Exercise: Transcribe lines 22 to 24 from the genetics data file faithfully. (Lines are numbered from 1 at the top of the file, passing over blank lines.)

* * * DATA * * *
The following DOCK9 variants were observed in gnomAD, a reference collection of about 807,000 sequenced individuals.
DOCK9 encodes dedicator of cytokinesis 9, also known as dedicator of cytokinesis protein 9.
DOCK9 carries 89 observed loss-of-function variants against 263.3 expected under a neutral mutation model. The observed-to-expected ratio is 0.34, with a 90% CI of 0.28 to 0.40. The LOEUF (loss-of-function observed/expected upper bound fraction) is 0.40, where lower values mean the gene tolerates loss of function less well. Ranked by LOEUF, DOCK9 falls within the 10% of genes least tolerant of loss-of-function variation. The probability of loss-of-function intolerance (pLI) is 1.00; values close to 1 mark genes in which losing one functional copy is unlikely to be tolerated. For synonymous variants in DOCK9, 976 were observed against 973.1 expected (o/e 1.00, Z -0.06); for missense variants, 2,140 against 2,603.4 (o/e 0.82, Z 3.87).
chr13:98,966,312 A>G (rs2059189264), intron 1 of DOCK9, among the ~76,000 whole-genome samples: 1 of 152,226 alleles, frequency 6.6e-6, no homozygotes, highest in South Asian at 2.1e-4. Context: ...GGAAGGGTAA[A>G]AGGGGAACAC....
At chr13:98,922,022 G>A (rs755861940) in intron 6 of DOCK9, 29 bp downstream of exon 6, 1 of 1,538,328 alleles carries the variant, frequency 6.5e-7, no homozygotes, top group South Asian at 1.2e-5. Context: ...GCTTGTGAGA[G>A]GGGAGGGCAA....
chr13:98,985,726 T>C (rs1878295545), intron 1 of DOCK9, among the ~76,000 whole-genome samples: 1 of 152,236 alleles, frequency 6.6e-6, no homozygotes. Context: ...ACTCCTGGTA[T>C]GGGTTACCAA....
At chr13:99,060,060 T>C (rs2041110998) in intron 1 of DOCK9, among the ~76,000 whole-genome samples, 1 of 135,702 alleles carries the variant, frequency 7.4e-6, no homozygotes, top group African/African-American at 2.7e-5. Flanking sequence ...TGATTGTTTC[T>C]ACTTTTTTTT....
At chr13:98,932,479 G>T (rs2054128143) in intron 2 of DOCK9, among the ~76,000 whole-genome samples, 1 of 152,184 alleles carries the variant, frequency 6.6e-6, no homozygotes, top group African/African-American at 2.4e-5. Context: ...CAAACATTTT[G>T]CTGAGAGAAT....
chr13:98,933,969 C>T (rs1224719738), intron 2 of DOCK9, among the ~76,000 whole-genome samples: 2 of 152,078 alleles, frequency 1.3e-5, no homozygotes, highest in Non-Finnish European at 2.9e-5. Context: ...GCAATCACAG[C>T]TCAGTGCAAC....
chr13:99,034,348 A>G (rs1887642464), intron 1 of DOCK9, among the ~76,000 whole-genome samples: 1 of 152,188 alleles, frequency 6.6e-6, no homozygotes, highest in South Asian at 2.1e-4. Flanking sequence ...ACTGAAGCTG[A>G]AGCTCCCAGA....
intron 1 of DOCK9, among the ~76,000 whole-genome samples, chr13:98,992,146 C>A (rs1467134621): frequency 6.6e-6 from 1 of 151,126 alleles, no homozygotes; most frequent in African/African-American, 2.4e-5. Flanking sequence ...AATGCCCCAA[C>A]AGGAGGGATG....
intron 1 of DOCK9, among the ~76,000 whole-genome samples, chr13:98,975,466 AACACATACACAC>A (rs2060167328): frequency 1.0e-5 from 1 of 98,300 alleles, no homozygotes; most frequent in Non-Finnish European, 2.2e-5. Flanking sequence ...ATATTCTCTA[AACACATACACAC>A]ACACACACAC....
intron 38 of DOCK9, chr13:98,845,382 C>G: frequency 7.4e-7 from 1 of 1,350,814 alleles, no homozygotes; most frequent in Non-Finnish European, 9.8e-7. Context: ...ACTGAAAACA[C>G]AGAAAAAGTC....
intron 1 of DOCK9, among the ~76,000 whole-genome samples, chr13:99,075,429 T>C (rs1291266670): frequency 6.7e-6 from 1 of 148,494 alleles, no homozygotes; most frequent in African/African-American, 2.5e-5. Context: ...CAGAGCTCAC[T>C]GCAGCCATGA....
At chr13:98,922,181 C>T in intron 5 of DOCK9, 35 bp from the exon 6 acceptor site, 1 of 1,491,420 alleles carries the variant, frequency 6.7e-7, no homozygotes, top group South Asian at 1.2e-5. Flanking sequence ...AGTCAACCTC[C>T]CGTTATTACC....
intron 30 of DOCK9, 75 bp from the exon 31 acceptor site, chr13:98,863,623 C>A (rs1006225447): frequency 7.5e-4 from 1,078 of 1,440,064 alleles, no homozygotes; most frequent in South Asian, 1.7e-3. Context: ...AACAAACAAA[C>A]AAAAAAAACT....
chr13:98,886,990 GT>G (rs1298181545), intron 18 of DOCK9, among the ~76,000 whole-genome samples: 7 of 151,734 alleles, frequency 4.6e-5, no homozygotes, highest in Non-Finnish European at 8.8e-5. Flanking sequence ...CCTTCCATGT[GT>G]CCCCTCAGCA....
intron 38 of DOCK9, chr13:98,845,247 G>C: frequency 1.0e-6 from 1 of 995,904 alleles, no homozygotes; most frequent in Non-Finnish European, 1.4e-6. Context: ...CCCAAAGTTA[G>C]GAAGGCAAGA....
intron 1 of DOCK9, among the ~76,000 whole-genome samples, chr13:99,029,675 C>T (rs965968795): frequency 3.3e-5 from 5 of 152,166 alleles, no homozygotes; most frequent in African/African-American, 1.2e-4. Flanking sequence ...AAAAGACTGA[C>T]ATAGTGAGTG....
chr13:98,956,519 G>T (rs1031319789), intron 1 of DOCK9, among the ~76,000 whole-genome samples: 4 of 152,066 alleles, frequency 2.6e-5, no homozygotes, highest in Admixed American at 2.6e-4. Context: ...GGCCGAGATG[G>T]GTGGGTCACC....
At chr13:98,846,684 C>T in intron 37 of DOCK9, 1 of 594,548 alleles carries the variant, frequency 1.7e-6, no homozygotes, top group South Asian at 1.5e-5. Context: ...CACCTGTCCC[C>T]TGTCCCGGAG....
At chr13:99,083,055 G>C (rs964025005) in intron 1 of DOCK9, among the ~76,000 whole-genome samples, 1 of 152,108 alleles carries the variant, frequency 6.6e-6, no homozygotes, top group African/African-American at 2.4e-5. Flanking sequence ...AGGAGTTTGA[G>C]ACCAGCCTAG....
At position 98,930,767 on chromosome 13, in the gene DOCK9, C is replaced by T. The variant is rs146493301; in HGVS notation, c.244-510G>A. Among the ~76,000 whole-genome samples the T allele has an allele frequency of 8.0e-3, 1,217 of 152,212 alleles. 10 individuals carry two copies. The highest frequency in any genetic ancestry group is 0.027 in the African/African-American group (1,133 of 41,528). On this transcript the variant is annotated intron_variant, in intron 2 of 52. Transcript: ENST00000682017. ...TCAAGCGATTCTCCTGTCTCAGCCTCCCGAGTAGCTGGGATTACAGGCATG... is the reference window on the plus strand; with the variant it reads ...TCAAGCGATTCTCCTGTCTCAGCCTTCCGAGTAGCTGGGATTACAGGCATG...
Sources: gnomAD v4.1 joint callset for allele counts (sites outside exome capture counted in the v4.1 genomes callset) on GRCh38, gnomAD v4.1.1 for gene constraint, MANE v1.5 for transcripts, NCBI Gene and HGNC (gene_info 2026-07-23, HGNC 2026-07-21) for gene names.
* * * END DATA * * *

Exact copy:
At chr13:99,083,055 G>C (rs964025005) in intron 1 of DOCK9, among the ~76,000 whole-genome samples, 1 of 152,108 alleles carries the variant, frequency 6.6e-6, no homozygotes, top group African/African-American at 2.4e-5. Flanking sequence ...AGGAGTTTGA[G>C]ACCAGCCTAG....
At position 98,930,767 on chromosome 13, in the gene DOCK9, C is replaced by T. The variant is rs146493301; in HGVS notation, c.244-510G>A. Among the ~76,000 whole-genome samples the T allele has an allele frequency of 8.0e-3, 1,217 of 152,212 alleles. 10 individuals carry two copies. The highest frequency in any genetic ancestry group is 0.027 in the African/African-American group (1,133 of 41,528). On this transcript the variant is annotated intron_variant, in intron 2 of 52. Transcript: ENST00000682017. ...TCAAGCGATTCTCCTGTCTCAGCCTCCCGAGTAGCTGGGATTACAGGCATG... is the reference window on the plus strand; with the variant it reads ...TCAAGCGATTCTCCTGTCTCAGCCTTCCGAGTAGCTGGGATTACAGGCATG...
Sources: gnomAD v4.1 joint callset for allele counts (sites outside exome capture counted in the v4.1 genomes callset) on GRCh38, gnomAD v4.1.1 for gene constraint, MANE v1.5 for transcripts, NCBI Gene and HGNC (gene_info 2026-07-23, HGNC 2026-07-21) for gene names.